Her Story: Bessie Coleman

Ahead of Her Time

Bessie Coleman, who grew up in Waxahachie, was the world’s first licensed black pilot. The daughter of Susan Coleman, she was born in Atlanta, Texas, on Jan. 26, 1892, the 12th of 13 children. It was in 1920 that Coleman, acting on a lifelong dream of learning to fly, traveled abroad to attend aviation school in Le Crotoy, France, after discovering that no American school would accept black students. She was issued a license June 15, 1921, by the Fédération Aéronautique Internationale, giving her the distinction of being the first black person in the world to become a licensed pilot.

She returned to the United States in 1921 with a goal of opening a flight school for black students in addition to making flying her career. Coleman’s first American air show was at Curtiss Field, near Manhattan, on Sept. 3, 1922, and followed its success with exhibition flights across the country. She made her way back to Texas in 1925 and established her headquarters in Houston. Her first performance in Texas took place in that city June 19, 1925. Her daredevil stunts and hair-raising maneuvers earned her the nickname, “Brave Bessie,” and she became one of America’s most popular stunt fliers.

She primarily flew Curtiss JN-4D planes and army surplus aircraft left over from the war and often gave lectures to schools and churches to encourage young black men and women to enter aviation. On one occasion in Waxahachie, she refused to give an exhibition on white school grounds unless blacks were permitted to use the same entrance as whites. The request was granted, although blacks and whites remained segregated once on the grounds.

She had her first major accident in 1924 while barnstorming in California and took a year off to recover. On April 30, 1926, she died during a test flight before a show sponsored by the Negro Welfare League in Jacksonville, Florida. About 12 minutes into the flight, the plane did not pull out of a nosedive as planned; instead, it did a somersault and dropped Coleman to her death. Her mechanic and publicity agent, William Wills, fell with the plane and died on impact. After funeral services in Jacksonville, which were attended by hundreds of admirers, Coleman’s body was returned to Chicago, where she had made her home, for burial in Lincoln Cemetery.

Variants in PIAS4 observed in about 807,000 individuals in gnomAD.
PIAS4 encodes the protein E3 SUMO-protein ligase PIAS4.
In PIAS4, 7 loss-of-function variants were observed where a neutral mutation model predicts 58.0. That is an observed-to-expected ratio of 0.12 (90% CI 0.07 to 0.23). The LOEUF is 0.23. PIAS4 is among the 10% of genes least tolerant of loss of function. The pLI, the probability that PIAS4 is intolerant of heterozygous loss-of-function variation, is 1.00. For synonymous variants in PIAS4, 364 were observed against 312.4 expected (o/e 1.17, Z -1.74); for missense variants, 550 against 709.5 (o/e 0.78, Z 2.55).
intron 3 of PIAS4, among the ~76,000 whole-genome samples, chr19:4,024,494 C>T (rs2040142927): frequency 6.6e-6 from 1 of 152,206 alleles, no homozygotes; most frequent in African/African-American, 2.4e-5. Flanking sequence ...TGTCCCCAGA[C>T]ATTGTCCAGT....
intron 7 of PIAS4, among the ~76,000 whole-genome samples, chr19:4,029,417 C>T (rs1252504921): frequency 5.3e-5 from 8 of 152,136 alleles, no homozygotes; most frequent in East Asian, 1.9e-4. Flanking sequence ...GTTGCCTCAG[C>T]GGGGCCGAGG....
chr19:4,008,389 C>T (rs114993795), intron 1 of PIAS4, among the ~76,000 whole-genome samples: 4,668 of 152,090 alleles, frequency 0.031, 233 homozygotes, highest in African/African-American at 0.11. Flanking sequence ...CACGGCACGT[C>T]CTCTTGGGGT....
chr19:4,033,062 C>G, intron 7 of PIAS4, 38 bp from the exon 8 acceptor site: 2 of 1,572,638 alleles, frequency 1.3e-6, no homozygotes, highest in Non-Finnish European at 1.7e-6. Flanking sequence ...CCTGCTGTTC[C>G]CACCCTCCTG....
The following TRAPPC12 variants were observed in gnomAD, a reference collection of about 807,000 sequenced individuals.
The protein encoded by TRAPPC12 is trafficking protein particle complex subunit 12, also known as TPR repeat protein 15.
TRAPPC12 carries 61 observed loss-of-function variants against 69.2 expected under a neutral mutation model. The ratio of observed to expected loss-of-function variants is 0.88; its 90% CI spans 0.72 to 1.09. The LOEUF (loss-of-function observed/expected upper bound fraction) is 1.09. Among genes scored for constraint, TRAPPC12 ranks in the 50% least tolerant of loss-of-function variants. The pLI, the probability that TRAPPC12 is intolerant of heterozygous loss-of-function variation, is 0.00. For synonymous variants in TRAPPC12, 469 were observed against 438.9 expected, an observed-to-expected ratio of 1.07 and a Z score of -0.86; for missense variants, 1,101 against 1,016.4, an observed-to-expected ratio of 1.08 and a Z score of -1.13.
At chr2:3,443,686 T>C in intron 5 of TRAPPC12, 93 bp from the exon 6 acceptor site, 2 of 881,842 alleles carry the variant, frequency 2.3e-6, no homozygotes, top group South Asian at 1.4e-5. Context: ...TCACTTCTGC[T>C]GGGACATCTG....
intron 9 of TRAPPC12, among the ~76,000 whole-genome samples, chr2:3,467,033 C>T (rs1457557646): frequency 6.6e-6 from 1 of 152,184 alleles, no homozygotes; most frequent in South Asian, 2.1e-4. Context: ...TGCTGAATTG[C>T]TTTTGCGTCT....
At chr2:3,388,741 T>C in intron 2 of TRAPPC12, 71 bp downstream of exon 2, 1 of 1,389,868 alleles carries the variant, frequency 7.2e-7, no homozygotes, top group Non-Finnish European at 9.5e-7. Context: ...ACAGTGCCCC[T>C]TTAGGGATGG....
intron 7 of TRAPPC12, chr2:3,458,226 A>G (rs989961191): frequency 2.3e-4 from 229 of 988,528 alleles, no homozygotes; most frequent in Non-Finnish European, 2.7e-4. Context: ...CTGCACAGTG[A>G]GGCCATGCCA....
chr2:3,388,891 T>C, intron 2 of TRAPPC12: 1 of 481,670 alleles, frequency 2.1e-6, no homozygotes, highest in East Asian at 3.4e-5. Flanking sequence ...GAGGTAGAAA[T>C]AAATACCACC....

Although her dream of establishing a flying school for black students never materialized, the Bessie Coleman Aero groups were organized after her death. These flying clubs sponsored the first all-black air show in America, which attracted 15,000 spectators. Over the years, recognition of Coleman’s accomplishments has continued to grow, including the U.S. Postal Service’s issuance of a 32-cent commemorative stamp in her honor.

Here in Waxahachie, a street, Bessie Coleman Boulevard, was named in her honor, and a placard recognizing her life was placed in Freedman Memorial Plaza on Martin Luther King Jr. Boulevard. At Mid-Way Regional Airport in Midlothian, a plaque honoring her life was installed next to the terminal building in 2015 on the 90th anniversary of Coleman’s flight to Waxahachie.


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